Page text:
It’s your reaction to adversity, not adversity itself that determines how your life’s story will develop.
― Dieter F. Uchtdorf
In the stress-rich, high functioning and competitive culture and environment that is the ‘norm’ in many law firms, it is no surprise that many lawyers are suffering from increasing levels of stress, burnout and anxiety and feeling overwhelmed and unable to cope.
To survive in this cut-throat environment, what you, as a lawyer, need to do is to build and develop your ‘resilience muscle’.
Just what is resilience? Essentially, this is your ability to deal with stressful situations and adversities and your ability to quickly and effectively ‘bounce back’ from such situations so as to not only better manage stress but also to ‘get back up and running’ and to function productively. This is a skill, a muscle that thankfully you can build and develop – and as a result ensure that you are better able to have a long, healthy career and ‘legal life’.
On the other side of a storm is the strength that comes from having navigated through it. Raise your sail and begin.
― Gregory S. Williams
So just how do you, as an ambitious lawyer, acquire resilience if you don’t have it? How do you build this muscle and maintain your sanity? The good news is that resilience is something you can, through practice, learn and acquire.
Here are some ‘resilience-building tools and tips’:
When finding yourself in a highly stressful situation, one of your best tools is your breath. When you notice your shoulders rising, that you are starting to feel ‘hot under the collar’, pause and take 2-3 long deep breaths.
Another critical and medically proven tool is practicing some form of meditation.
- Rewire Your Negative Self-Talk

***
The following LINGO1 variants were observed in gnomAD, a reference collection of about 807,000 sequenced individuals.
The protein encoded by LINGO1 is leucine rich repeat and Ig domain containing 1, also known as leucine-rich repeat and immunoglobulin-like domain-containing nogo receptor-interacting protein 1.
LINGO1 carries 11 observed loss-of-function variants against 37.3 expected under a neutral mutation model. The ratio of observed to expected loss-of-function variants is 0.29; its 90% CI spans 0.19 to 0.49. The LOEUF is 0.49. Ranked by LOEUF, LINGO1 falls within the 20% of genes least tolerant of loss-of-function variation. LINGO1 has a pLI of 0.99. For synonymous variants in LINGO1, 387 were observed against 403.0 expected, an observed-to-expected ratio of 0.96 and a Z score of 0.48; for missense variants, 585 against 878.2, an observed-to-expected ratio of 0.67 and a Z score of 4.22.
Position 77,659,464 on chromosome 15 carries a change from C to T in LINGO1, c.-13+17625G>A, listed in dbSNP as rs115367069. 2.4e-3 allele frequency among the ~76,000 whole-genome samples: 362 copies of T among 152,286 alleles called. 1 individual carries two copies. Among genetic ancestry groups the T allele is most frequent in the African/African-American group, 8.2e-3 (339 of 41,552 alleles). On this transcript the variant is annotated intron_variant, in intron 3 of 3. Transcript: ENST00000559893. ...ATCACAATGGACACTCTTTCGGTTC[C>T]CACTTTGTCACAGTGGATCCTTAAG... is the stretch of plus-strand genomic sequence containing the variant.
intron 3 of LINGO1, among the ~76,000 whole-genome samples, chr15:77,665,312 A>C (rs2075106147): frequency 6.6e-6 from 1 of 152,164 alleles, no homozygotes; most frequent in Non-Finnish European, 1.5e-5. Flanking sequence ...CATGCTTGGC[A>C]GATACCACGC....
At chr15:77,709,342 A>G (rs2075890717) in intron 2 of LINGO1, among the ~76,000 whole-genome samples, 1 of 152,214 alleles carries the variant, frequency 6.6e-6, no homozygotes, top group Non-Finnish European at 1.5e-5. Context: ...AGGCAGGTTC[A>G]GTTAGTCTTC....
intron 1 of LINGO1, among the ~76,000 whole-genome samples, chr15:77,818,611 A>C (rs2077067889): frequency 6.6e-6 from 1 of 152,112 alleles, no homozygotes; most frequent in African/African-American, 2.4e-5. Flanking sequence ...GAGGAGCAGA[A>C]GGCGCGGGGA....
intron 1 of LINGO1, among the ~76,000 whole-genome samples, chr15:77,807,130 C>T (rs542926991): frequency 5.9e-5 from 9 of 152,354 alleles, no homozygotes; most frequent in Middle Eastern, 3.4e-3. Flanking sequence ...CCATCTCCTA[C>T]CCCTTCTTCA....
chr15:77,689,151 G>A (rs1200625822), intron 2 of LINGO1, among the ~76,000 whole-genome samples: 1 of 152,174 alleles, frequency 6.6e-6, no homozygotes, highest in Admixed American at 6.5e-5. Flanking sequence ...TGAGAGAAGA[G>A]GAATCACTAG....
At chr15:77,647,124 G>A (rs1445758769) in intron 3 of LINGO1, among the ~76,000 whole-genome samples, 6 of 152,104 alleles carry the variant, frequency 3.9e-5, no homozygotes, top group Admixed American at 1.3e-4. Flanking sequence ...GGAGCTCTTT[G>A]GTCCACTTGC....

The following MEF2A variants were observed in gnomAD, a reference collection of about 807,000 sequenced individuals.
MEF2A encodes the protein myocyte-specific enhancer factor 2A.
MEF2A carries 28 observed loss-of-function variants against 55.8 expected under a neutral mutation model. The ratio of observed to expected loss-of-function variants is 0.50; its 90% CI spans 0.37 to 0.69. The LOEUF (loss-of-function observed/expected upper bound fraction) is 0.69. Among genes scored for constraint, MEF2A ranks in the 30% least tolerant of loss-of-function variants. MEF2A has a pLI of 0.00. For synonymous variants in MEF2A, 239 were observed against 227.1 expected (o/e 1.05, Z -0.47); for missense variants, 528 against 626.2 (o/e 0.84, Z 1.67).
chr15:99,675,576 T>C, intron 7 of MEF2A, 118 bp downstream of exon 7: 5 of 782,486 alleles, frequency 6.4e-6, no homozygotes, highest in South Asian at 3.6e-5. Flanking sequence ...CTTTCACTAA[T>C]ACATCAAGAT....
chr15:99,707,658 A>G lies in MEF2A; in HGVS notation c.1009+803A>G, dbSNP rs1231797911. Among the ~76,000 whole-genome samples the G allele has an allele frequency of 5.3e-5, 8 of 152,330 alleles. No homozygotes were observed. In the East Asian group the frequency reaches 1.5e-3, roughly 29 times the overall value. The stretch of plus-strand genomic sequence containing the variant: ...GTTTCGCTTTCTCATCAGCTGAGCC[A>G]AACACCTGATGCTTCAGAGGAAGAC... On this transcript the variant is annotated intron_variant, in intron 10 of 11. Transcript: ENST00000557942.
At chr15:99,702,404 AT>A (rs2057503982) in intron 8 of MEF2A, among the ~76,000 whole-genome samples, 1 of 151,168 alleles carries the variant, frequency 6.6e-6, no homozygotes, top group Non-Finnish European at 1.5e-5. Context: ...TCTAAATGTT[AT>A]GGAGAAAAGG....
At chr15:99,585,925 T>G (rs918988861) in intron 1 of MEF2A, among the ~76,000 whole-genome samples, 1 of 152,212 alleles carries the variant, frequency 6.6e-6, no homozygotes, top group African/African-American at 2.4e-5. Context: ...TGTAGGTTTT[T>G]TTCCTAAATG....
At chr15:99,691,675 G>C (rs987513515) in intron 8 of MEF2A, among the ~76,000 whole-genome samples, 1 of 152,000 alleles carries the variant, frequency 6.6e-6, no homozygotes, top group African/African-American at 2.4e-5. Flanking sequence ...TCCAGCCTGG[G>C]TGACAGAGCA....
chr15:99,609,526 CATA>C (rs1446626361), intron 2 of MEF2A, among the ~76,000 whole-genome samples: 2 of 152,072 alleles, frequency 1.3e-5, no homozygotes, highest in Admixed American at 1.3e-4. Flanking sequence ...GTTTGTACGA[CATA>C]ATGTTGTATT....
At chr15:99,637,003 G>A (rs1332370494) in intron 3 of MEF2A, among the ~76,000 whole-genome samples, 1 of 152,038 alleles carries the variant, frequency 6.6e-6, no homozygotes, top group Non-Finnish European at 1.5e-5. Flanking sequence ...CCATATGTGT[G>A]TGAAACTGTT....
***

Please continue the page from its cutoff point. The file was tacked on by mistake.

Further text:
In neuroscience, there is a common phrase “neurons that fire together, wire together”. In other words, the more you allow yourself to dwell in negative thinking patterns, the more your mind will focus on and default to such thoughts.
The reverse, thankfully, is also true. The more you practice training your mind to focus on and think more positive thoughts, for example, thinking about things you are grateful for, looking for the positive outcomes, the stronger your positive thought patterns will become – and therefore the more likely you will be able to view a situation from a “glass is half-full” lens vs a “glass half empty” lens.
The more you train yourself to think more positively, the more likely you are going to be able to ‘bounce back’ from a setback and get back to being productive.
- Lighten Up & Let Go
Don’t be so hard on yourself! Lawyers are their own worst ‘enemies’, placing immense self-imposed pressures on themselves, always thinking that they are not doing well enough, striving towards unrealistic goals.
Take some pressure off of yourself, learn to ‘let go’ and accept what you cannot change or control and instead place your energies and focus on what you can control.
- Build a strong internal network
We are relational beings, we get our energy and affirmation from our relationship with others. Work on forging and creating a strong internal network of colleagues and friends you can go to when feeling overwhelmed – so as to get someone else’s thoughts and perspectives on a matter. Not only will this help stop you spiralling into a negative ‘black hole’ but it will also help you gain another viewpoint, perhaps more realistic, perspective on an issue. In essence, strong internal relationships are critical to emotional resilience.
- Work Smarter Not Harder
Sounds obvious but not always easy to do. Learn to better manage and maximize your efficiency and productivity. How?
- Set clear boundaries – you don’t need to be available 24/7!
- Practice Self-Care
- Learn the power of saying ‘no’
- Create a routine
- Stop multitasking
- Automate rote tasks
- Cultivate “Own-time”
Ensure you make time to do activities, hobbies you enjoy and that energise you and ‘take your mind’ off every-day work, even if just for a short period of time. Not only will this help you return to the business at hand with renewed energy but it will also help you view the situation through a new lens – and as a result help you to find more creative, workable solutions.
- Learn from your ‘mistakes’
I tried and failed. I tried again and again and succeeded.”
― Gail Borden
We all make mistakes – no-one is exempt. However, how you react and respond to your mistakes will determine how you deal with adversity and how resilient you are. Learn to reframe your mistakes as an opportunity to learn and to grow – in this way you are more likely to ‘bounce back’ from ‘failure’ more quickly and effectively and are more likely to learn what to avoid the next time a challenging situation presents itself.
Successful people demonstrate their resilience through their dedication to making progress every day, even if that progress is marginal.”
― Jonathan Mills